Taming Tahoe’s Traffic: The Impact of New Parking Programs

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By Sara Van Siclen

When I think back to the winter of 2023, I remember the massive snow and traffic. Weekend traffic would often back up into Truckee and at the lake from Highways 267 and 89, landing me in gridlock while trying to run simple errands. As someone who works on transportation solutions in the region, I attended meeting after meeting where concerned citizens called for someone to do something about the traffic.

In 2024, something was done; more importantly, we saw improvements. Palisades Tahoe and Northstar instituted parking reservation programs this past winter, which helped reduce traffic by ensuring that the people driving on the highways at peak times knew they had parking spots at the resorts. It reduced the urgency of guests to get to the resort since they knew they had parking, spreading out arrival times and traffic flow on the highways throughout the morning. These measures lessened traffic — Northstar reported a 47% reduction in five or more minute traffic delays and an 81% reduction in 30 or more minute traffic delays on Highway 267.

It also changed the behavior of the people who didn’t have parking reservations. Instead of driving their cars, many people living or staying in Olympic Valley took advantage of Mountaineer, the free on-demand service in Olympic Valley and Alpine Meadows, which saw a 40% increase in weekend ridership this past winter. People in Truckee or Tahoe City could take the free TART Park & Ride, allowing people to park at the Tahoe City Transit Center or Truckee High School and enjoy free shuttle services to Palisades. Those going to Northstar could use free parking at the Lift Workspace offices in Truckee and take TART’s free bus service to the ski area. Overall, the TART Park & Ride program experienced a 176% increase in passengers over the previous year.

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In 2023, I would have found it hard to believe that the traffic problem could be greatly improved in one winter season as a result of Palisade’s and Northstar’s parking reservation programs. While there will always be traffic when there’s snow on the road at 8 a.m. on a Saturday, this program made noticeable improvements over the previous winter. We have not solved traffic, rather eliminated gridlock through managing parking capacity. While there is still more work to be done and improvements to be made, it has been inspiring to see the ripple effects caused by a change in parking management in reducing traffic, reducing the number of cars on the road, and making a dent in the greenhouse gas emissions on Highways 267 and 89 during the peak season. I am excited to see how we can apply what we learned from these programs to tackle the congestion we face during other peak visitation times.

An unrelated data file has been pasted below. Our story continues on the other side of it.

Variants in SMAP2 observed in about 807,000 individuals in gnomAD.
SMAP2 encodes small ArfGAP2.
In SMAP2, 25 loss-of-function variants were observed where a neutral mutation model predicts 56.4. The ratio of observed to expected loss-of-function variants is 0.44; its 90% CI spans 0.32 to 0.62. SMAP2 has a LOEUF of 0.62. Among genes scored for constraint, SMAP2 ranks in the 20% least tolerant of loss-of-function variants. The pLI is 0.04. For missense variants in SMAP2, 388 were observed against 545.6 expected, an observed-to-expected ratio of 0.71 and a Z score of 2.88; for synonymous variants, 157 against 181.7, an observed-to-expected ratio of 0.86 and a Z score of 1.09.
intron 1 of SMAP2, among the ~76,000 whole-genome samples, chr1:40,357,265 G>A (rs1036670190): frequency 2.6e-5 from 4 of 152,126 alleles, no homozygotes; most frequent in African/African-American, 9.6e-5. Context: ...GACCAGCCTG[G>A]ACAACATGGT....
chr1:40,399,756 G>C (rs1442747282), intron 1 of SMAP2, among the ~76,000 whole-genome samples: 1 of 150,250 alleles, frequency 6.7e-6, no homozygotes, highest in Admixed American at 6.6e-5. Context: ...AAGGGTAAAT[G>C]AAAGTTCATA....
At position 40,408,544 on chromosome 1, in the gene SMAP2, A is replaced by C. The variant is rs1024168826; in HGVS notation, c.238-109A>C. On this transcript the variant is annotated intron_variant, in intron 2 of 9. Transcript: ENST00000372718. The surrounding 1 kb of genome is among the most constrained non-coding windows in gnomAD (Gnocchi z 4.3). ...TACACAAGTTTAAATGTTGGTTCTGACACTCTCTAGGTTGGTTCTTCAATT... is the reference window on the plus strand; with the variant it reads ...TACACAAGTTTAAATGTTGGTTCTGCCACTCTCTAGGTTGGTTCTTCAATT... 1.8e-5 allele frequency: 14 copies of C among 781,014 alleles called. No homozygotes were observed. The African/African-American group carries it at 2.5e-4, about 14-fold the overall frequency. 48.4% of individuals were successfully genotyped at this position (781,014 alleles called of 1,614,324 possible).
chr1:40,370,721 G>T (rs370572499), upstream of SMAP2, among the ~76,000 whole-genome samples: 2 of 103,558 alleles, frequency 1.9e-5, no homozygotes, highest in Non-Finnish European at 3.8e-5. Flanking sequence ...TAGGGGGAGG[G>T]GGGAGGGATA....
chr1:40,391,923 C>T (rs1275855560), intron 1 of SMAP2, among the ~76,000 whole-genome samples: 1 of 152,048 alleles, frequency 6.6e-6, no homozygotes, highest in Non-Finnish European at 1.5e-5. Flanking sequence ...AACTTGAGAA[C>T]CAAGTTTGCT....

This work has already begun. During the summer, Kings Beach can experience gridlock caused by a large influx of cars and inefficient use of parking spots. This causes parking to spill over into neighborhood streets and local businesses to lose revenue since their patrons don’t have places to park. Placer County is developing a North Lake Tahoe Parking Management Program, which aims to ensure parking turnover at Kings Beach restaurants and shops by implementing parking management improvements with consistent oversight to ensure compliance with the posted regulations. This program looks to encourage people to consider alternative transportation, such as riding the free TART bus. Numerous community meetings and workshops have been held to help inform the parking management program, and Placer County staff are scheduled to bring an update to the board of supervisors this month. This is a small but important step toward mitigating summer congestion.

I am excited to see what parking management can do to alleviate summer traffic congestion, and I encourage you to learn about and support this project as it moves forward. You can learn more about the latest in this program at placer.ca.gov/tahoeparking.

~ Sara Van Siclen is the executive director of the Truckee/North Tahoe Transportation Management Association, a nonprofit dedicated to fostering public-private partnerships and resources for advocacy and promoting innovative solutions to the unique transportation challenges of the North Lake Tahoe-Truckee Resort Triangle. She lives in Truckee with her husband, eight-month-old son, and dog, Jax.

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2 COMMENTS

  1. I’m an optimistic person but I have become very cynical about north Lake Tahoe’s traffic problems. With tourism marketing, resort expansion, massive development and limited roads, any traffic relief will soon be temporary. The county and developers are planning several large developments while also planning to limit parking and even reduce parking. Our only relief so far is from the stumbling and bumbling from the private developers. Public transportation is great but buses get stuck in the traffic too. Then there is the transition from a two season transient resort economy to a year round population like any other town. With low growth now out of fashion, the limiting factors are our two lane roads and lack of worker housing. How long before we hear calls for four lane road conversions and new arterials on the hillsides to accommodate all this growth?

  2. The only thing that will make a serious dent in the Truckee Tahoe area will be mass transit on a 15 minute or (preferably) less schedule. I have used busses at Whistler and in Chamonix and even when I’ve had a car I take the bus. The less time people have to wait for the bus the more they will use it, especially if the additional service is funded by 7 days per week paid parking for private cars.